When America found herself in the brutal trench warfare that was the First World War, she needed lots of weapons—fast. One unsung inventor came up with a secret weapon that turned the standard bolt action infantry rifle into a fire-breathing dragon. This man was John Pedersen and he (almost) helped win WWI.
Who was Pedersen anyway?
John Moses Browning is said to have told Maj. Gen. Julian S. Hatcher of U.S. Army Ordnance that Pedersen “was the greatest gun designer in the world”, yet too many gun nerds have never even heard the name. Pedersen was a behind-the-scenes type of engineer who, in some four decades in the gun industry was awarded over 70 patents. He designed most of Remington’s pre-WWII 20th century product line. Among these were the Model 51 pistol and the Model 12 rifle. He worked with Browning on a collaboration that became the Remington Model 17 shotgun—from which both the Browning BPS and the Ithaca 37 are descended.
In 1917, with the US entering the morass that was World War One, Pedersen tried to help give Uncle Sam a little something extra to take with him over there.
The US Army’s primary service rifle, the famous M1903 Springfield, was a bolt action 30.06 based on the German Mauser action. This long-range beauty could fire up to up to 15 rounds per minute. Pedersen knew that the Army would never abandon this cherished rifle with the war on, so he engineered an aftermarket kit that could be placed into a (gently) modified Springfield to increase its rate of fire exponentially.
His device was a very simple top loading, blowback-operated pistol without a grip. Its barrel was the exact size, shape, and length of the standard .30-06 M1906 cartridge case. All the soldier had to do was pullout the regular turnbolt of his Springfield and any .30-06 ammo, insert the Pedersen Device, attach the device’s 40-round magazine, and let her rip. The device used the host rifle’s trigger group, sights, barrel, and stock. The device would cycle new rounds, and eject spent cases through a small port cut in the side of the rifle. Other modifications to the rifle were to the sear, magazine cut off, and trigger to allow the regular bolt or the Pedersen device to be used interchangeably. In tests a trained infantryman could rip off two full magazines in less than a minute—a 500% increase in the Springfield’s rate of fire.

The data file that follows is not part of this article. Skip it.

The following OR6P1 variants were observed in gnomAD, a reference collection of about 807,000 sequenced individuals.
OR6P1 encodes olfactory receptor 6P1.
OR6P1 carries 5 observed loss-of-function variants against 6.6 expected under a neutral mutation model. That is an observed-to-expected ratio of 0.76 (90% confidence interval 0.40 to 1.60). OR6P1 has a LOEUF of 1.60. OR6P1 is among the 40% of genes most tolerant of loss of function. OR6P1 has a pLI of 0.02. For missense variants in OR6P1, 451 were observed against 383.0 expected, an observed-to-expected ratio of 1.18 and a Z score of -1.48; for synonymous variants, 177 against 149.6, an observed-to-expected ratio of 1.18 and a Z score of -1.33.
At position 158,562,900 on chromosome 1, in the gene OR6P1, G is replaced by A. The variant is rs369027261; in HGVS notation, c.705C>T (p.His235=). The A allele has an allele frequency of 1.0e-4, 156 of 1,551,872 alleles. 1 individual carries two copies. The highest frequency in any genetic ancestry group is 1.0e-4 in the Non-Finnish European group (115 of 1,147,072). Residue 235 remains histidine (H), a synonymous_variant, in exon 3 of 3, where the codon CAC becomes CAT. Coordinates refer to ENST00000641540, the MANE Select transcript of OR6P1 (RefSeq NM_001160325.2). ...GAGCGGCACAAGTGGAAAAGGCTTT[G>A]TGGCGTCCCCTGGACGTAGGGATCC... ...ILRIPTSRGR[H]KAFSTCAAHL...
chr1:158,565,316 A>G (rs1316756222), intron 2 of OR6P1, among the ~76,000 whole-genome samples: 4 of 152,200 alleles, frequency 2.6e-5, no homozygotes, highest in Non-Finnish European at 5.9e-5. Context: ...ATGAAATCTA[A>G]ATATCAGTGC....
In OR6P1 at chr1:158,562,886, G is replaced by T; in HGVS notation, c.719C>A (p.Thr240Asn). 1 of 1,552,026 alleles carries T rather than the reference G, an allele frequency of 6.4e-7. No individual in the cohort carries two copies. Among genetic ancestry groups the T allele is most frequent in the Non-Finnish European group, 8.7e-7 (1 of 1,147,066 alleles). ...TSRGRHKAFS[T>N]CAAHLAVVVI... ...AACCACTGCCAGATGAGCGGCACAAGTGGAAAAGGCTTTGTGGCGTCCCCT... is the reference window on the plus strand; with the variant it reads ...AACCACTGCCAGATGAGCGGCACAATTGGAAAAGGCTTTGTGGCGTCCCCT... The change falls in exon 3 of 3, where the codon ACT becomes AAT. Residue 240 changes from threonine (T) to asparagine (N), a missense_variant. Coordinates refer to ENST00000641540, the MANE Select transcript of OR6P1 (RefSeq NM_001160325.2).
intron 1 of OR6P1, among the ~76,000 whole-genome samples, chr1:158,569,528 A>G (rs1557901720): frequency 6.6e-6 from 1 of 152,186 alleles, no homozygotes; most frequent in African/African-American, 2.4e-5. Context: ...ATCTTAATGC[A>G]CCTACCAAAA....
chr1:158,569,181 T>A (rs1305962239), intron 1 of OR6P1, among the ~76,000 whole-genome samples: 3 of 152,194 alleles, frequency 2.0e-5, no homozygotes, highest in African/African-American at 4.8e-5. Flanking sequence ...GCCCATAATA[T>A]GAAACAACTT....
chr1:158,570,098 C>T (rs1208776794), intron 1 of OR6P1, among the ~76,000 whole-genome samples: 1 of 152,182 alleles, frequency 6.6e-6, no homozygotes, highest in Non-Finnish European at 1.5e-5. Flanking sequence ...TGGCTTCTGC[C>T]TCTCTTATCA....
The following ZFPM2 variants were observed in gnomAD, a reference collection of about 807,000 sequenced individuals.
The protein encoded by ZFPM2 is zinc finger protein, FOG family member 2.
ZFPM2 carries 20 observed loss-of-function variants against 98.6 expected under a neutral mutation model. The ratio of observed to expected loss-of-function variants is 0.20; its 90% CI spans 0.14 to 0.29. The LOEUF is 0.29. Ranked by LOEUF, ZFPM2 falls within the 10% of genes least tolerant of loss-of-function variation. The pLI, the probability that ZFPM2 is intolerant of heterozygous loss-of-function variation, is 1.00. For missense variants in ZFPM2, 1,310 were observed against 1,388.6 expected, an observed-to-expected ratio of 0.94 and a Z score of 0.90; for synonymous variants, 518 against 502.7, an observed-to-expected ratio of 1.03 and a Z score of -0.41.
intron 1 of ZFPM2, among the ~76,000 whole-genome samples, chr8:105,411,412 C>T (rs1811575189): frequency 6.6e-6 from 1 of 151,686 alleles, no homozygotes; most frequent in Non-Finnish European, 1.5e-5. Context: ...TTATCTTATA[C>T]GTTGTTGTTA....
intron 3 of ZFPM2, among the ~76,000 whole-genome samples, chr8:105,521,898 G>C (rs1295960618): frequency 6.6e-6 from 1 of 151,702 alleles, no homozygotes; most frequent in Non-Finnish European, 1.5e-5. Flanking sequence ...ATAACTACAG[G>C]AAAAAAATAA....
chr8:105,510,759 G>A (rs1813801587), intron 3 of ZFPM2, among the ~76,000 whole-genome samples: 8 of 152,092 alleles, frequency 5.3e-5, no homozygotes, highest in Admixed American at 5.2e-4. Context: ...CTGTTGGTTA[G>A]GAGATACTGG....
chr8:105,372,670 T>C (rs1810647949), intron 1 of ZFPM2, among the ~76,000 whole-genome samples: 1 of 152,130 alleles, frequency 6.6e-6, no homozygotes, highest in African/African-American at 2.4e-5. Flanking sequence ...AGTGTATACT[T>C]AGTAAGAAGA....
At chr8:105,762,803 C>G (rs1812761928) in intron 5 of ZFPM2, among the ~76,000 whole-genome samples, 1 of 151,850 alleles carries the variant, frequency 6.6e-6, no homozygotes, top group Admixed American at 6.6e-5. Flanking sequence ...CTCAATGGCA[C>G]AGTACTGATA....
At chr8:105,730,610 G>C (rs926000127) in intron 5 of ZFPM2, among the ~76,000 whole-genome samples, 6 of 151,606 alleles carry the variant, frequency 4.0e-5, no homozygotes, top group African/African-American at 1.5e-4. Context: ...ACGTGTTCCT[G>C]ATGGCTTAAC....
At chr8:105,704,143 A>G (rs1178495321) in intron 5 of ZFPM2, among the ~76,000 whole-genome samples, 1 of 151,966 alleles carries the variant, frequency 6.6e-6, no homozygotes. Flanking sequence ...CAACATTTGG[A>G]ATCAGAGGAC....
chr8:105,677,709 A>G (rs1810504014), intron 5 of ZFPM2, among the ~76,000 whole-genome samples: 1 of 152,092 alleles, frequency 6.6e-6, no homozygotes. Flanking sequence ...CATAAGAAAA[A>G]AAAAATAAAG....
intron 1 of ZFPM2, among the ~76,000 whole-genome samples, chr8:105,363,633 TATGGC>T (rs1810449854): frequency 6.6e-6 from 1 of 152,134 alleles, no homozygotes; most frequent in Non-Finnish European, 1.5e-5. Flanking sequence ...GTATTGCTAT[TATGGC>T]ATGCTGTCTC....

To accommodate the device’s short action (it had to fit completely in the space occupied by the Springfield’s original bolt), it fired a short .30 caliber pistol sized round. This 7.62x20mm round, a cross between .32 ACP and the WWII-era .30 Carbine loads, held a 80-grain bullet over 3.5 grains of bull’s-eye powder which gave a blistering 1300fps out of a rifle barrel. This allowed the Pedersen device rounds, although pipsqueak in size, to still be lethal and accurate enough to reach out to 300 yards. Overall, the device added 1.75 pounds to the weight of the standard Springfield rifle, but, best of all, all the all the infantryman in the field had to do to convert back over to .30.06 was pull out the device and insert the regular bolt and ammo. Two guns with the weight of one!
Pedersen arranged for secret testing of the device for the Army in October 1917. It was an instant hit.
Type classified as “US Automatic Pistol, Caliber .30, Model of 1918” (well, it was technically a pistol), the Pedersen Device was ordered into mass production. Some 100,000 of the Mk.I version, for the Springfield 1903, were ordered for starters. Pedersen was asked to redesign follow-on Mk.II devices to fit the M1917 Enfield rifle as well as an Mk.III device to fit the Russian Mosin Nagant of which thousands were on hand. In all it was envisioned that no less than 500,000 of Mr. Pedersen’s conversion kits and at least 65-million rounds of ammunition would be made available by 1919 for the Allied offensive into Imperial Germany.